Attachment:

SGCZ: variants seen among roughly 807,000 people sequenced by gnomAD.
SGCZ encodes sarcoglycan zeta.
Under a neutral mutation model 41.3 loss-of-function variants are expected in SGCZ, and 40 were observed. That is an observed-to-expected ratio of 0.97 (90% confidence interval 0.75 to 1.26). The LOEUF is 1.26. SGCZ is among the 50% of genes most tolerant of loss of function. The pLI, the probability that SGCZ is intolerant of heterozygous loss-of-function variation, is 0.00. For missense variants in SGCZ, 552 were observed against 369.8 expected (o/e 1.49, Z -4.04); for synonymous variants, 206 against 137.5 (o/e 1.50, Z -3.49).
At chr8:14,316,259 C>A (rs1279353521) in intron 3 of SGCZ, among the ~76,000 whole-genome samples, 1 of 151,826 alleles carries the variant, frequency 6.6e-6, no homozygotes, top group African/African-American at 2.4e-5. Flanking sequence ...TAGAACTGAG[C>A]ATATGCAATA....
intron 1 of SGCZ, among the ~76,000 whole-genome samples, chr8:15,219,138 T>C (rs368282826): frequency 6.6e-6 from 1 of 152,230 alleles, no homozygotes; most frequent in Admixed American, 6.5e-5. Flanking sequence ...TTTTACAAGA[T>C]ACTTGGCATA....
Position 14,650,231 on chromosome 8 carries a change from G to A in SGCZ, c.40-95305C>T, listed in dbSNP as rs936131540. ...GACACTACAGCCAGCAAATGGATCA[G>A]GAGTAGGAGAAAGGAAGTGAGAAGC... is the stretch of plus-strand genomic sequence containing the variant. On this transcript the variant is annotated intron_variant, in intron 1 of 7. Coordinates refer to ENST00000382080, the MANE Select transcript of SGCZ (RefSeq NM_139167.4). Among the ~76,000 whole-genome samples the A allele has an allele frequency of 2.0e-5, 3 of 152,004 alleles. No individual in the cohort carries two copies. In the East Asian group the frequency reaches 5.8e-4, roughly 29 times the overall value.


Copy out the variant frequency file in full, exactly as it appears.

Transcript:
SGCZ: variants seen among roughly 807,000 people sequenced by gnomAD.
SGCZ encodes sarcoglycan zeta.
Under a neutral mutation model 41.3 loss-of-function variants are expected in SGCZ, and 40 were observed. That is an observed-to-expected ratio of 0.97 (90% confidence interval 0.75 to 1.26). The LOEUF is 1.26. SGCZ is among the 50% of genes most tolerant of loss of function. The pLI, the probability that SGCZ is intolerant of heterozygous loss-of-function variation, is 0.00. For missense variants in SGCZ, 552 were observed against 369.8 expected (o/e 1.49, Z -4.04); for synonymous variants, 206 against 137.5 (o/e 1.50, Z -3.49).
At chr8:14,316,259 C>A (rs1279353521) in intron 3 of SGCZ, among the ~76,000 whole-genome samples, 1 of 151,826 alleles carries the variant, frequency 6.6e-6, no homozygotes, top group African/African-American at 2.4e-5. Flanking sequence ...TAGAACTGAG[C>A]ATATGCAATA....
intron 1 of SGCZ, among the ~76,000 whole-genome samples, chr8:15,219,138 T>C (rs368282826): frequency 6.6e-6 from 1 of 152,230 alleles, no homozygotes; most frequent in Admixed American, 6.5e-5. Flanking sequence ...TTTTACAAGA[T>C]ACTTGGCATA....
Position 14,650,231 on chromosome 8 carries a change from G to A in SGCZ, c.40-95305C>T, listed in dbSNP as rs936131540. ...GACACTACAGCCAGCAAATGGATCA[G>A]GAGTAGGAGAAAGGAAGTGAGAAGC... is the stretch of plus-strand genomic sequence containing the variant. On this transcript the variant is annotated intron_variant, in intron 1 of 7. Coordinates refer to ENST00000382080, the MANE Select transcript of SGCZ (RefSeq NM_139167.4). Among the ~76,000 whole-genome samples the A allele has an allele frequency of 2.0e-5, 3 of 152,004 alleles. No individual in the cohort carries two copies. In the East Asian group the frequency reaches 5.8e-4, roughly 29 times the overall value.